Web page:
With ReBeL, Facebook tries to address these challenges by introducing a very clever transformation in imperfect information environments. 

Understanding ReBeL 

The idea behind ReBeL is SO SIMPLE as it is clever. If AlphaZero showed success with reinforcement learning + search strategies in perfect-information games, then why not transform imperfect-information games to perfect-information equivalents? I know, I know, it sounds too good to be true but let’s look at an example. 

Let’s imagine a simplified version of poker, in which a single card is dealt to each player who can then choose between three actions: fold, call or raise. Now consider a variation of this game in which the cards are not dealt to the players directly but, instead, they can be seen only by a third-party referee. Instead of taking an action directly, the players will announce how likely they are to take a specific action given the current hand. The referee will take an action based on the player’s analysis. In terms of strategy, this modified game is identical to the original game with the difference that it contains no private information. Instead, the modified game can be considered a continuous-state perfect-information game. 

In the ReBeL research, Facebook refers to the first game as the discrete representation and the second game as the belief representation. The magic of ReBeL relies on representing the environment as a history of belief representations known as the public belief state (PBS). The PBS of our game example is described by a sequence of public observations and 104 probabilities (the probability that each player holds each of the 52 possible private cards); an “action” is described by 156 probabilities (one per discrete action per private card). PBS effectively describes the state of a game not only as a sequence of actions but also as their probability of occurrence. By including the probabilities, PBS can be used to model imperfect information environments as perfect-information ones.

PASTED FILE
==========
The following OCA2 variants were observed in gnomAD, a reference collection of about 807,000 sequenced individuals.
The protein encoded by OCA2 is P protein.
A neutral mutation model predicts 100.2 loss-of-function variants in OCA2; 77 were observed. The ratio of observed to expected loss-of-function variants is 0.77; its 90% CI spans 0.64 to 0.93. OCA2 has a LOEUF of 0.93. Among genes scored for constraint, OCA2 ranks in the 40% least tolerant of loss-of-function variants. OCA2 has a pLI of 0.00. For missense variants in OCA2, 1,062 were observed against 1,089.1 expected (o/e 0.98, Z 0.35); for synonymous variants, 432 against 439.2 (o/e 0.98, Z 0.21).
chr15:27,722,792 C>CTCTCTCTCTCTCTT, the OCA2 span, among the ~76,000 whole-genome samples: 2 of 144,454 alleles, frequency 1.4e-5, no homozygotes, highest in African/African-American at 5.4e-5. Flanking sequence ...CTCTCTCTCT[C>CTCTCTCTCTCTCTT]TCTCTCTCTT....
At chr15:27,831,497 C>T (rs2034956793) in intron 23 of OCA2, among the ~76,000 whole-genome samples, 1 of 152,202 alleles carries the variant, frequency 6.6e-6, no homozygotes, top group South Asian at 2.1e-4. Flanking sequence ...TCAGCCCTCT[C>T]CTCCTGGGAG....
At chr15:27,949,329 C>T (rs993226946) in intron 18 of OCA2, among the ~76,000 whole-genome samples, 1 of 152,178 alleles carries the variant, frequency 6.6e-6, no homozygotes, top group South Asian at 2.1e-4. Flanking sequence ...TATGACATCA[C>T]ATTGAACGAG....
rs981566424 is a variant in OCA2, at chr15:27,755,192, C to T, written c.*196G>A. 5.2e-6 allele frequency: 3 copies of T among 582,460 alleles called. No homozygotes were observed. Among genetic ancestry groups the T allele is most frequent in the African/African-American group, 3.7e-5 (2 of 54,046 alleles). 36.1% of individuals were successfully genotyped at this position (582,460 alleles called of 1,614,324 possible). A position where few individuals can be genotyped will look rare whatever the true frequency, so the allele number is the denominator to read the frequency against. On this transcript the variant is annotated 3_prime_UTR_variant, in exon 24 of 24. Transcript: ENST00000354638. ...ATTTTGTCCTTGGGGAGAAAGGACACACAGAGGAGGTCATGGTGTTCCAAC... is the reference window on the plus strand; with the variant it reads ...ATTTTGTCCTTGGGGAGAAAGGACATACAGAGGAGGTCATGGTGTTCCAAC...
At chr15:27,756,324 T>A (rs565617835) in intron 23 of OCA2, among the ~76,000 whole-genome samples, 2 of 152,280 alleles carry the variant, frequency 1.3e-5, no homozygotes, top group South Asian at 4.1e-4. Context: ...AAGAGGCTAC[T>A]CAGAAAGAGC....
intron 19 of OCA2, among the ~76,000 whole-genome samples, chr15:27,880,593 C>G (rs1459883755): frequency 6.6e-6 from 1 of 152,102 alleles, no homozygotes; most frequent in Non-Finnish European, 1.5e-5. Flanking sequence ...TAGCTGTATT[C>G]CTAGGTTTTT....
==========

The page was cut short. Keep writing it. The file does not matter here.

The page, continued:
From a strategic standpoint, it is important to notice that the two games previously illustrated are identical. However, from a modeling perspective, there is a major difference in the sense that the second game contains no private information. More specifically, the second game can be considered a continuous-state perfect-information game, as we should assume that all players’ strategies are common knowledge and, therefore, the probability that a player chooses a given action is known to all his opponents. 

The idea of converting an imperfect information game into a perfect-information alternative is clever but not necessarily new. The main contribution of Facebook’s ReBeL was to combine those techniques with reinforcement learning and self-play methods in order to produce an autonomous agent that can play several imperfect-information games. 

After transforming an imperfect information game into a perfect information alternative, the next step is to use a reinforcement learning search algorithm to find the best set of actions. In a high dimensional environment like poker (156 dimensions), most search algorithms would result incredibly inefficient. To address this challenge, ReBeL introduces a gradient-descent-like algorithm called counterfactual regret minimization (CFR), which enables efficient searches in high dimensional spaces. 

Facebook benchmarked ReBeL in different two-player, zero-sum, imperfect-information games, such as heads-up no-limit Texas Hold’em and Liar’s Dice with remarkable results. For instance, in the heads-up no-limit Texas Hold’em, ReBeL was able to outperform prior benchmarks and also beat top human players. 

To encourage research in this type of ideas, Facebook open sourced ReBeL’s implementation of the Liar’s Dice game. The ideas behind ReBeL are relatively simple to implement and are likely to inspire a new wave of research in the space of imperfect-information games. 

Additional Resources: Additional details can be found in the original ReBeL paper as well as the Liar’s Dice open-source implementation.